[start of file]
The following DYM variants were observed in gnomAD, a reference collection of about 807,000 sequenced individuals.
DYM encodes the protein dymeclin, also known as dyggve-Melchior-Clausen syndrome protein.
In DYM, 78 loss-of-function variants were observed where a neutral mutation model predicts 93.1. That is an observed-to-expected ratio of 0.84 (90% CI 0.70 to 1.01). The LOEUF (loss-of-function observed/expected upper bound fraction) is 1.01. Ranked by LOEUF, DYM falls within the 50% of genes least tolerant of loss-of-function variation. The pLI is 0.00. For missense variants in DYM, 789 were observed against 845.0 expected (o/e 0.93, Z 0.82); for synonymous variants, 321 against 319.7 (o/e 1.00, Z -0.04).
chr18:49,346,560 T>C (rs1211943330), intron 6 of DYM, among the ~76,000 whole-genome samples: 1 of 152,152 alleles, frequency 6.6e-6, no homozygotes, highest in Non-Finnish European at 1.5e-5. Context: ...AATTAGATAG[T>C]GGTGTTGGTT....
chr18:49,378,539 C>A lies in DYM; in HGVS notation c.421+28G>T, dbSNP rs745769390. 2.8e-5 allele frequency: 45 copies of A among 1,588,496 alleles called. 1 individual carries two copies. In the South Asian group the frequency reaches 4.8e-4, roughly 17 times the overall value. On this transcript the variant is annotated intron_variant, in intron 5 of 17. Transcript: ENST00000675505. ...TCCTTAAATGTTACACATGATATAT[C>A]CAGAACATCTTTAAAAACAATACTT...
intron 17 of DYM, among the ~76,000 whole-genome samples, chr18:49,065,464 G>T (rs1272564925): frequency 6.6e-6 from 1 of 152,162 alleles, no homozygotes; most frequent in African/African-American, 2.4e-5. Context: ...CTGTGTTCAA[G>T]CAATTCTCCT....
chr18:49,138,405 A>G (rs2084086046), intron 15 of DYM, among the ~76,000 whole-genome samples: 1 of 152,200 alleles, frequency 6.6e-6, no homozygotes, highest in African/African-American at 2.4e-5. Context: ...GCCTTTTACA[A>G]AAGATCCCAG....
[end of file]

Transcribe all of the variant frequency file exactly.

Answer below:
The following DYM variants were observed in gnomAD, a reference collection of about 807,000 sequenced individuals.
DYM encodes the protein dymeclin, also known as dyggve-Melchior-Clausen syndrome protein.
In DYM, 78 loss-of-function variants were observed where a neutral mutation model predicts 93.1. That is an observed-to-expected ratio of 0.84 (90% CI 0.70 to 1.01). The LOEUF (loss-of-function observed/expected upper bound fraction) is 1.01. Ranked by LOEUF, DYM falls within the 50% of genes least tolerant of loss-of-function variation. The pLI is 0.00. For missense variants in DYM, 789 were observed against 845.0 expected (o/e 0.93, Z 0.82); for synonymous variants, 321 against 319.7 (o/e 1.00, Z -0.04).
chr18:49,346,560 T>C (rs1211943330), intron 6 of DYM, among the ~76,000 whole-genome samples: 1 of 152,152 alleles, frequency 6.6e-6, no homozygotes, highest in Non-Finnish European at 1.5e-5. Context: ...AATTAGATAG[T>C]GGTGTTGGTT....
chr18:49,378,539 C>A lies in DYM; in HGVS notation c.421+28G>T, dbSNP rs745769390. 2.8e-5 allele frequency: 45 copies of A among 1,588,496 alleles called. 1 individual carries two copies. In the South Asian group the frequency reaches 4.8e-4, roughly 17 times the overall value. On this transcript the variant is annotated intron_variant, in intron 5 of 17. Transcript: ENST00000675505. ...TCCTTAAATGTTACACATGATATAT[C>A]CAGAACATCTTTAAAAACAATACTT...
intron 17 of DYM, among the ~76,000 whole-genome samples, chr18:49,065,464 G>T (rs1272564925): frequency 6.6e-6 from 1 of 152,162 alleles, no homozygotes; most frequent in African/African-American, 2.4e-5. Context: ...CTGTGTTCAA[G>T]CAATTCTCCT....
chr18:49,138,405 A>G (rs2084086046), intron 15 of DYM, among the ~76,000 whole-genome samples: 1 of 152,200 alleles, frequency 6.6e-6, no homozygotes, highest in African/African-American at 2.4e-5. Context: ...GCCTTTTACA[A>G]AAGATCCCAG....